6. Sidney Goldman says:

    WDAV, What WNYC is attempting to accomplish is suicide. I have been a supporter of that station, going back to when it was only an AM station. Closely tied to the NYC government, the station had to decide, at that time, either give up the radio stations or its new TV station. I was visiting the station, talking to its TV director, when I learned that the TV station was given back to Mayor Guiliani that very day!
    I felt very sorry for the TV director, and very bitter for what their Board of Directors did.
    And since then WNYC has caused me to drop my membership. By the way they didn’t inform the listener of the meeting you attended. But I am not surprised by your article. They are not truly a classical music station. WQXR is the only classical music station in NY City and has been my friend since it began in 1936.
    I hope that WNYC will not influence other stations to follow their way of trying to reach out for more listeners. On the internet I have stations like yours to visit as often as I please.
    Thank you for continuing to be a classical music station. These comments by your listeners reveal just how we react to the current topic.
    Sidney Goldman

  7. Frank Dominguez says:

    Let me make certain to reassure WDAV listeners, whether you’re in the Charlotte area or online,that nothing of the sort is contemplated here. It would be a clear betrayal of the listeners who currently support us, and would probably just hasten our doom,in my opinion.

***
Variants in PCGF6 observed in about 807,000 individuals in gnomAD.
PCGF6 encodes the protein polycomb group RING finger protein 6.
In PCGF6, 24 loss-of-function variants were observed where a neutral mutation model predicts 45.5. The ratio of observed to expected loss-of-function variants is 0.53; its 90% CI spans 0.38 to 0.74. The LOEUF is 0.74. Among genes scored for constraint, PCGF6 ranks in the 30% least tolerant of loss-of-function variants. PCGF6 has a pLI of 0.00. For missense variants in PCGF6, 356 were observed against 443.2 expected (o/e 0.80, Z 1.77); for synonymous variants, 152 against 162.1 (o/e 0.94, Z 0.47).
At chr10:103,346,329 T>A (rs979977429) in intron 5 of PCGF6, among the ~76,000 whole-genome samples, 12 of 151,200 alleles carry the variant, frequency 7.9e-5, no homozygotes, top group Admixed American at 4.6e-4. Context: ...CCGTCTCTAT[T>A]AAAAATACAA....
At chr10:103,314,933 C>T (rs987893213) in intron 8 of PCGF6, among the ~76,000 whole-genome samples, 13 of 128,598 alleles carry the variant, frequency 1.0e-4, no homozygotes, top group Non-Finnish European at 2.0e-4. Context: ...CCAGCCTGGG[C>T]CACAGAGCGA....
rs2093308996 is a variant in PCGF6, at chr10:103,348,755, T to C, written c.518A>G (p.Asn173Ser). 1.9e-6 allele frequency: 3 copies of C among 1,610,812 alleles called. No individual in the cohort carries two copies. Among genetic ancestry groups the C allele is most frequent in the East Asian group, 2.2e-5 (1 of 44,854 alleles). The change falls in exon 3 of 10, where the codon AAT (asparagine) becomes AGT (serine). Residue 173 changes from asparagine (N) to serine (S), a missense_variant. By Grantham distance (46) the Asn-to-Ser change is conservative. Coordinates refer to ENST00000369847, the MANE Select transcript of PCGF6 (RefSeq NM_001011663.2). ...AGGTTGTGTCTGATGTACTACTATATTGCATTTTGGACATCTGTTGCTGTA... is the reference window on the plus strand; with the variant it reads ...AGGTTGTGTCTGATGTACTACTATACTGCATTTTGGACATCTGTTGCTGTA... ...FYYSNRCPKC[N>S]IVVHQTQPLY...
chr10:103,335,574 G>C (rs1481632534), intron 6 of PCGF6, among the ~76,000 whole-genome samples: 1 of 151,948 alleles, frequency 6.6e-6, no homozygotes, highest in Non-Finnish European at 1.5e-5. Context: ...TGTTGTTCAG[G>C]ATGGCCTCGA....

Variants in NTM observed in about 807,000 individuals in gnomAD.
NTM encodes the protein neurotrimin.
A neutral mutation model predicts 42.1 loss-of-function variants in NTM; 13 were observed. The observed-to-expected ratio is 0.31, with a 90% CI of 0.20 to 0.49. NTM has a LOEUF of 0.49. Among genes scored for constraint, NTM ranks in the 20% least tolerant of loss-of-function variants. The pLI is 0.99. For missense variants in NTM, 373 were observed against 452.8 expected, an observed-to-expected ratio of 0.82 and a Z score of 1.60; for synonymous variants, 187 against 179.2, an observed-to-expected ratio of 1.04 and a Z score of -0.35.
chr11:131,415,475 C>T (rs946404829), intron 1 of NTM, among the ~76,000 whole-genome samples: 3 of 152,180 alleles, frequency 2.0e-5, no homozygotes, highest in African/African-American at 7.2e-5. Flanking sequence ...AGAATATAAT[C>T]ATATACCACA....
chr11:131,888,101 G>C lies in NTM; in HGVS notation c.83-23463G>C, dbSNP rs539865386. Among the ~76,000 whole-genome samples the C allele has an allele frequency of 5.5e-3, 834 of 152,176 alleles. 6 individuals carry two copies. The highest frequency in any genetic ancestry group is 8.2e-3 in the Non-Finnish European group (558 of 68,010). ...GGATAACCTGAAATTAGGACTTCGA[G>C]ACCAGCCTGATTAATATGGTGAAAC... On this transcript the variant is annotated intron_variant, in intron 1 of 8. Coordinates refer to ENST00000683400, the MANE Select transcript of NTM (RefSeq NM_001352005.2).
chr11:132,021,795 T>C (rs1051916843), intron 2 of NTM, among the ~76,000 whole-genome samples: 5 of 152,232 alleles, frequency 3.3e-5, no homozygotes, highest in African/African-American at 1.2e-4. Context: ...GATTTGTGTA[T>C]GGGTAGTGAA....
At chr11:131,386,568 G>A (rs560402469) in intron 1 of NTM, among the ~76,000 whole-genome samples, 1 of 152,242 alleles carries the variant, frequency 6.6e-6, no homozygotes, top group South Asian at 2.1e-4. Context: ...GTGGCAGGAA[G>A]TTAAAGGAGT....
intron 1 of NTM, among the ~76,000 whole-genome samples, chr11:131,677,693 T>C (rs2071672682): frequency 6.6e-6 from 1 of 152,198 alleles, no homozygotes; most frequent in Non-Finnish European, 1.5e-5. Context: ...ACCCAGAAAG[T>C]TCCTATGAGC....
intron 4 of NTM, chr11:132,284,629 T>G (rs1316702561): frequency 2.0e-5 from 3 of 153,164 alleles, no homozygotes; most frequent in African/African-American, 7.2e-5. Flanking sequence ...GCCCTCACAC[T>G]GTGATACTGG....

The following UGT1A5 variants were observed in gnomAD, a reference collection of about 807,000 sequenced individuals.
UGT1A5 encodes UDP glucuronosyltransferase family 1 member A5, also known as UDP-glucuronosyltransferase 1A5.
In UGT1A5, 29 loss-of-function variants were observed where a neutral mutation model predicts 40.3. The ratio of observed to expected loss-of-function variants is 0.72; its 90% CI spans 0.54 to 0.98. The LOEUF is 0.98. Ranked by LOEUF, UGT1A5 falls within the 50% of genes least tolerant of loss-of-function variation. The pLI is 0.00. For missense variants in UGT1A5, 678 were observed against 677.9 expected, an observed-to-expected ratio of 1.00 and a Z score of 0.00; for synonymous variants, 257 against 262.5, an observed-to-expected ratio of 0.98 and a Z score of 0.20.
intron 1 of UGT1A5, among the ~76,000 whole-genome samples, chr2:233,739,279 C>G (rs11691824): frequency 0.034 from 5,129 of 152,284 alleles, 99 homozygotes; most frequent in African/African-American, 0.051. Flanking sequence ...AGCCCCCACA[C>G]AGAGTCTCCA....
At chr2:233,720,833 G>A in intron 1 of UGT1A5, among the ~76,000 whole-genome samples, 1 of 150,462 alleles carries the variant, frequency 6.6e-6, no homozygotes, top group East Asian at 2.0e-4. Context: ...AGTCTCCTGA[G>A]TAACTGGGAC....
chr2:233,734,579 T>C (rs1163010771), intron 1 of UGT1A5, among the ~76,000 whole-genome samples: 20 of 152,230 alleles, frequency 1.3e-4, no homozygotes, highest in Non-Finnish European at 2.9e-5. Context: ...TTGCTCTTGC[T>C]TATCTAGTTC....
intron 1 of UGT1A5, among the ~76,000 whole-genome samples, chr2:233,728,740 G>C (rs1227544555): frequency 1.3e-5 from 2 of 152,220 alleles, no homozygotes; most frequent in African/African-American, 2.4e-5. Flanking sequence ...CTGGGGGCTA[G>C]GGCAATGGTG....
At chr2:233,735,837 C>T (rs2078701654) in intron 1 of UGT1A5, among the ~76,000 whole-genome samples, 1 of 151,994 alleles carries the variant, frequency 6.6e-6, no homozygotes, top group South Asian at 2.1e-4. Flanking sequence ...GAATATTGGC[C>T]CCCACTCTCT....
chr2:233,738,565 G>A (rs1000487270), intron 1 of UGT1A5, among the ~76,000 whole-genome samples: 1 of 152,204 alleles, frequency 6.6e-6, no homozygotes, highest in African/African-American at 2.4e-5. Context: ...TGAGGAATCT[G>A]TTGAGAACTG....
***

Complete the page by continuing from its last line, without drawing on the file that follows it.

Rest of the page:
What’s interesting about the WNYC experiment (without wishing to speak for them) is that they appear to be saying, “We’ll let WQXR and other stations serve the classical listener, and instead use classical music as part of the mix that will attract a different kind of audience altogether.”
    And what’s encouraging about your remarks so far is that you feel very strongly that the problem is not the product but, in a sense,its marketing (or lack thereof).
    In other words, you seem to think there are people out there who could be reached and added to the audience if we made the right efforts.
    I certainly hope that’s true. Does anyone disagree? It would be interesting to hear dissent,too (but I promise you,WDAV isn’t moving away from pure classical music if I have anything to do with it).

  8. martha dentiste says:

    Don’t change a thing. WDAV is a special part of my life and I can always count on knowing that true and traditional classical music is available to me daily at home and in the car. I stopped contributing to WFDD because they changed from a traditional classical station. I have many friends here in Winston-Salem who feel the same way. Thanks for the wonderful music. Keep it coming!